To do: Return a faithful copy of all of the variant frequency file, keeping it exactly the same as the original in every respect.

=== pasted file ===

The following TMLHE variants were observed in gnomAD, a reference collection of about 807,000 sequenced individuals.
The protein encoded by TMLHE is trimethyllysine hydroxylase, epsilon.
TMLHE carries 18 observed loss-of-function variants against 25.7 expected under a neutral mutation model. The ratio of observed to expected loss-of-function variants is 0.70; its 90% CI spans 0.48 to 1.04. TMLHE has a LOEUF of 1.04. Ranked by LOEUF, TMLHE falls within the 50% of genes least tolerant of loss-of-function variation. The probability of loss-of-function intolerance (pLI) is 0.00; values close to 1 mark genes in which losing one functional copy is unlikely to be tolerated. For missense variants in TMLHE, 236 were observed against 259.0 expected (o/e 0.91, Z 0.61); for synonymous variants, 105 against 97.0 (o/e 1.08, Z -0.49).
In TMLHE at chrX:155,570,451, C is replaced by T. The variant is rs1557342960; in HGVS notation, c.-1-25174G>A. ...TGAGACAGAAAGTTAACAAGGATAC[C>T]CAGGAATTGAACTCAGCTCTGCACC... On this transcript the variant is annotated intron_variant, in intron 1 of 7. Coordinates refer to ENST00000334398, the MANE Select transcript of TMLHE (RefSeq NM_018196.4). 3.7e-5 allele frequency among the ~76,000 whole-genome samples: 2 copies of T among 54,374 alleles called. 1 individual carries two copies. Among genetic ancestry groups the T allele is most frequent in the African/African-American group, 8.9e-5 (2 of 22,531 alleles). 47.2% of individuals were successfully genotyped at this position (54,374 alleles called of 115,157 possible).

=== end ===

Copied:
The following TMLHE variants were observed in gnomAD, a reference collection of about 807,000 sequenced individuals.
The protein encoded by TMLHE is trimethyllysine hydroxylase, epsilon.
TMLHE carries 18 observed loss-of-function variants against 25.7 expected under a neutral mutation model. The ratio of observed to expected loss-of-function variants is 0.70; its 90% CI spans 0.48 to 1.04. TMLHE has a LOEUF of 1.04. Ranked by LOEUF, TMLHE falls within the 50% of genes least tolerant of loss-of-function variation. The probability of loss-of-function intolerance (pLI) is 0.00; values close to 1 mark genes in which losing one functional copy is unlikely to be tolerated. For missense variants in TMLHE, 236 were observed against 259.0 expected (o/e 0.91, Z 0.61); for synonymous variants, 105 against 97.0 (o/e 1.08, Z -0.49).
In TMLHE at chrX:155,570,451, C is replaced by T. The variant is rs1557342960; in HGVS notation, c.-1-25174G>A. ...TGAGACAGAAAGTTAACAAGGATAC[C>T]CAGGAATTGAACTCAGCTCTGCACC... On this transcript the variant is annotated intron_variant, in intron 1 of 7. Coordinates refer to ENST00000334398, the MANE Select transcript of TMLHE (RefSeq NM_018196.4). 3.7e-5 allele frequency among the ~76,000 whole-genome samples: 2 copies of T among 54,374 alleles called. 1 individual carries two copies. Among genetic ancestry groups the T allele is most frequent in the African/African-American group, 8.9e-5 (2 of 22,531 alleles). 47.2% of individuals were successfully genotyped at this position (54,374 alleles called of 115,157 possible).